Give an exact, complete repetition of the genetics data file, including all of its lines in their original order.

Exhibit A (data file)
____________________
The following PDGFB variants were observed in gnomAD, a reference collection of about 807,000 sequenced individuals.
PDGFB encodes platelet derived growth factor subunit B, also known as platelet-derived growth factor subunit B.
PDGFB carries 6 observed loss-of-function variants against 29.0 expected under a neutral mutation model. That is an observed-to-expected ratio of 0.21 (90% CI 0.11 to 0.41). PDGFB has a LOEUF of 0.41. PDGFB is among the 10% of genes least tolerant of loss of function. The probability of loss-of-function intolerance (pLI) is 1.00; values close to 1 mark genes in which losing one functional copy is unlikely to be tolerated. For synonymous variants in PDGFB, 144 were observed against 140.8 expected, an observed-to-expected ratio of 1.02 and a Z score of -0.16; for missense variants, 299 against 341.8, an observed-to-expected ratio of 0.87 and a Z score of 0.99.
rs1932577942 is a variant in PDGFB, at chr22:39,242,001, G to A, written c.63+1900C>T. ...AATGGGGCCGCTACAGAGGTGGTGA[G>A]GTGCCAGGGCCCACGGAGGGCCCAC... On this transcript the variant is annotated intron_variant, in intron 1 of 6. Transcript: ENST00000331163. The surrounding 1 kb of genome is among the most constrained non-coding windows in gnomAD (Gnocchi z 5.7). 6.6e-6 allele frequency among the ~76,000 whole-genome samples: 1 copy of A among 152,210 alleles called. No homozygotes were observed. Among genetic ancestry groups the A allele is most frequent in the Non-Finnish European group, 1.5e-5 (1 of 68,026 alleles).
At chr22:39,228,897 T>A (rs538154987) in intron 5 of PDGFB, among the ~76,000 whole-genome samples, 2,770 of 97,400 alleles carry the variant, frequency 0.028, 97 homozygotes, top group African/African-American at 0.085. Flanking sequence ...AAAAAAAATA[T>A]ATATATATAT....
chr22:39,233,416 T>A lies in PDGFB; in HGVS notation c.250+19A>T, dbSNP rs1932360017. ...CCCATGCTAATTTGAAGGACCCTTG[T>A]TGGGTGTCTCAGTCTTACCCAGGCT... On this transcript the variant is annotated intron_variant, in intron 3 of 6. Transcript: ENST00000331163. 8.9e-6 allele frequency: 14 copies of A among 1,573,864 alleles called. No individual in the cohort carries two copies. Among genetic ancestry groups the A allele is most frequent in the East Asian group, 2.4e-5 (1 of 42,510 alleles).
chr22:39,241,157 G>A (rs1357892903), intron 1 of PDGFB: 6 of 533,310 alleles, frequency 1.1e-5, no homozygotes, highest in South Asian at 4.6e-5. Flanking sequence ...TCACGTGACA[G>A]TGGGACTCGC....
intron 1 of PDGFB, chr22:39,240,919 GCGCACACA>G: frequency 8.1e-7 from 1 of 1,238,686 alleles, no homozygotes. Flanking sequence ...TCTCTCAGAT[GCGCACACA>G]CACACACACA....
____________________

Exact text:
The following PDGFB variants were observed in gnomAD, a reference collection of about 807,000 sequenced individuals.
PDGFB encodes platelet derived growth factor subunit B, also known as platelet-derived growth factor subunit B.
PDGFB carries 6 observed loss-of-function variants against 29.0 expected under a neutral mutation model. That is an observed-to-expected ratio of 0.21 (90% CI 0.11 to 0.41). PDGFB has a LOEUF of 0.41. PDGFB is among the 10% of genes least tolerant of loss of function. The probability of loss-of-function intolerance (pLI) is 1.00; values close to 1 mark genes in which losing one functional copy is unlikely to be tolerated. For synonymous variants in PDGFB, 144 were observed against 140.8 expected, an observed-to-expected ratio of 1.02 and a Z score of -0.16; for missense variants, 299 against 341.8, an observed-to-expected ratio of 0.87 and a Z score of 0.99.
rs1932577942 is a variant in PDGFB, at chr22:39,242,001, G to A, written c.63+1900C>T. ...AATGGGGCCGCTACAGAGGTGGTGA[G>A]GTGCCAGGGCCCACGGAGGGCCCAC... On this transcript the variant is annotated intron_variant, in intron 1 of 6. Transcript: ENST00000331163. The surrounding 1 kb of genome is among the most constrained non-coding windows in gnomAD (Gnocchi z 5.7). 6.6e-6 allele frequency among the ~76,000 whole-genome samples: 1 copy of A among 152,210 alleles called. No homozygotes were observed. Among genetic ancestry groups the A allele is most frequent in the Non-Finnish European group, 1.5e-5 (1 of 68,026 alleles).
At chr22:39,228,897 T>A (rs538154987) in intron 5 of PDGFB, among the ~76,000 whole-genome samples, 2,770 of 97,400 alleles carry the variant, frequency 0.028, 97 homozygotes, top group African/African-American at 0.085. Flanking sequence ...AAAAAAAATA[T>A]ATATATATAT....
chr22:39,233,416 T>A lies in PDGFB; in HGVS notation c.250+19A>T, dbSNP rs1932360017. ...CCCATGCTAATTTGAAGGACCCTTG[T>A]TGGGTGTCTCAGTCTTACCCAGGCT... On this transcript the variant is annotated intron_variant, in intron 3 of 6. Transcript: ENST00000331163. 8.9e-6 allele frequency: 14 copies of A among 1,573,864 alleles called. No individual in the cohort carries two copies. Among genetic ancestry groups the A allele is most frequent in the East Asian group, 2.4e-5 (1 of 42,510 alleles).
chr22:39,241,157 G>A (rs1357892903), intron 1 of PDGFB: 6 of 533,310 alleles, frequency 1.1e-5, no homozygotes, highest in South Asian at 4.6e-5. Flanking sequence ...TCACGTGACA[G>A]TGGGACTCGC....
intron 1 of PDGFB, chr22:39,240,919 GCGCACACA>G: frequency 8.1e-7 from 1 of 1,238,686 alleles, no homozygotes. Flanking sequence ...TCTCTCAGAT[GCGCACACA>G]CACACACACA....